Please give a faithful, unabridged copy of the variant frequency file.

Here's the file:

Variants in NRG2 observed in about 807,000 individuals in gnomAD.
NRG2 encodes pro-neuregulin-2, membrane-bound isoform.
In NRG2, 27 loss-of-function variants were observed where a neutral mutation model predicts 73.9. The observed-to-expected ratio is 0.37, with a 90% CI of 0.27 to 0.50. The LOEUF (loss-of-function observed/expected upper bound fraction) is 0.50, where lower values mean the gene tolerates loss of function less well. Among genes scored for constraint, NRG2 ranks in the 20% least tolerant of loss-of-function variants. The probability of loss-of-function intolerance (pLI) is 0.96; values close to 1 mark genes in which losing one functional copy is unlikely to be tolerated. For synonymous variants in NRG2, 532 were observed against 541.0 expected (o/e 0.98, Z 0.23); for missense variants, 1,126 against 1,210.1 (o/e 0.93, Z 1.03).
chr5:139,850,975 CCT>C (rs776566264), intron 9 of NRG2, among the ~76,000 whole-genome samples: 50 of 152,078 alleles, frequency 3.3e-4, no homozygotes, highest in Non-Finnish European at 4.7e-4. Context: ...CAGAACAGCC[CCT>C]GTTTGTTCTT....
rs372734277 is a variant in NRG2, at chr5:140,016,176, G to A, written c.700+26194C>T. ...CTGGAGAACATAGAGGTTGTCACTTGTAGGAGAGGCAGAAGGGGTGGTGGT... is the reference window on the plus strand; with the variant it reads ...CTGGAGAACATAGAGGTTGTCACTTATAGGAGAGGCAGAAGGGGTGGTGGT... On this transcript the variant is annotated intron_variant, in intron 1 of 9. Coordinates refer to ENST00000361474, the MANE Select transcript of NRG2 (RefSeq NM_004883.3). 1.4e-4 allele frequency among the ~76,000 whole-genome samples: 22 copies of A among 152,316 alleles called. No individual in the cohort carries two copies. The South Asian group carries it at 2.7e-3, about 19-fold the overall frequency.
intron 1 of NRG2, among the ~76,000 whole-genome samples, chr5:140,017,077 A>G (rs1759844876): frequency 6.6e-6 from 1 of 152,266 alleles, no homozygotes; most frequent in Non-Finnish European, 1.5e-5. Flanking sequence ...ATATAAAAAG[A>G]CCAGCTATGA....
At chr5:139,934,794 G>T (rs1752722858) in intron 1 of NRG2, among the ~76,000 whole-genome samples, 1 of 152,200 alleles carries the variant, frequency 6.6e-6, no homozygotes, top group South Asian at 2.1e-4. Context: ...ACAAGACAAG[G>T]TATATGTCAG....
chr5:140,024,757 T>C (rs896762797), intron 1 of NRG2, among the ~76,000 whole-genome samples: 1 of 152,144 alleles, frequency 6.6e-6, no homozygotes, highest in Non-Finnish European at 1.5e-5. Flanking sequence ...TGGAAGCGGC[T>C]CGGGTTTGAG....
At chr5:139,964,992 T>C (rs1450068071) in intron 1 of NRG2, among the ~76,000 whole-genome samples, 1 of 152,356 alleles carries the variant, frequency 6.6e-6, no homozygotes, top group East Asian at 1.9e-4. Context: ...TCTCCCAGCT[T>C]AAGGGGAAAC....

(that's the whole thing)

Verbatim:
Variants in NRG2 observed in about 807,000 individuals in gnomAD.
NRG2 encodes pro-neuregulin-2, membrane-bound isoform.
In NRG2, 27 loss-of-function variants were observed where a neutral mutation model predicts 73.9. The observed-to-expected ratio is 0.37, with a 90% CI of 0.27 to 0.50. The LOEUF (loss-of-function observed/expected upper bound fraction) is 0.50, where lower values mean the gene tolerates loss of function less well. Among genes scored for constraint, NRG2 ranks in the 20% least tolerant of loss-of-function variants. The probability of loss-of-function intolerance (pLI) is 0.96; values close to 1 mark genes in which losing one functional copy is unlikely to be tolerated. For synonymous variants in NRG2, 532 were observed against 541.0 expected (o/e 0.98, Z 0.23); for missense variants, 1,126 against 1,210.1 (o/e 0.93, Z 1.03).
chr5:139,850,975 CCT>C (rs776566264), intron 9 of NRG2, among the ~76,000 whole-genome samples: 50 of 152,078 alleles, frequency 3.3e-4, no homozygotes, highest in Non-Finnish European at 4.7e-4. Context: ...CAGAACAGCC[CCT>C]GTTTGTTCTT....
rs372734277 is a variant in NRG2, at chr5:140,016,176, G to A, written c.700+26194C>T. ...CTGGAGAACATAGAGGTTGTCACTTGTAGGAGAGGCAGAAGGGGTGGTGGT... is the reference window on the plus strand; with the variant it reads ...CTGGAGAACATAGAGGTTGTCACTTATAGGAGAGGCAGAAGGGGTGGTGGT... On this transcript the variant is annotated intron_variant, in intron 1 of 9. Coordinates refer to ENST00000361474, the MANE Select transcript of NRG2 (RefSeq NM_004883.3). 1.4e-4 allele frequency among the ~76,000 whole-genome samples: 22 copies of A among 152,316 alleles called. No individual in the cohort carries two copies. The South Asian group carries it at 2.7e-3, about 19-fold the overall frequency.
intron 1 of NRG2, among the ~76,000 whole-genome samples, chr5:140,017,077 A>G (rs1759844876): frequency 6.6e-6 from 1 of 152,266 alleles, no homozygotes; most frequent in Non-Finnish European, 1.5e-5. Flanking sequence ...ATATAAAAAG[A>G]CCAGCTATGA....
At chr5:139,934,794 G>T (rs1752722858) in intron 1 of NRG2, among the ~76,000 whole-genome samples, 1 of 152,200 alleles carries the variant, frequency 6.6e-6, no homozygotes, top group South Asian at 2.1e-4. Context: ...ACAAGACAAG[G>T]TATATGTCAG....
chr5:140,024,757 T>C (rs896762797), intron 1 of NRG2, among the ~76,000 whole-genome samples: 1 of 152,144 alleles, frequency 6.6e-6, no homozygotes, highest in Non-Finnish European at 1.5e-5. Flanking sequence ...TGGAAGCGGC[T>C]CGGGTTTGAG....
At chr5:139,964,992 T>C (rs1450068071) in intron 1 of NRG2, among the ~76,000 whole-genome samples, 1 of 152,356 alleles carries the variant, frequency 6.6e-6, no homozygotes, top group East Asian at 1.9e-4. Context: ...TCTCCCAGCT[T>C]AAGGGGAAAC....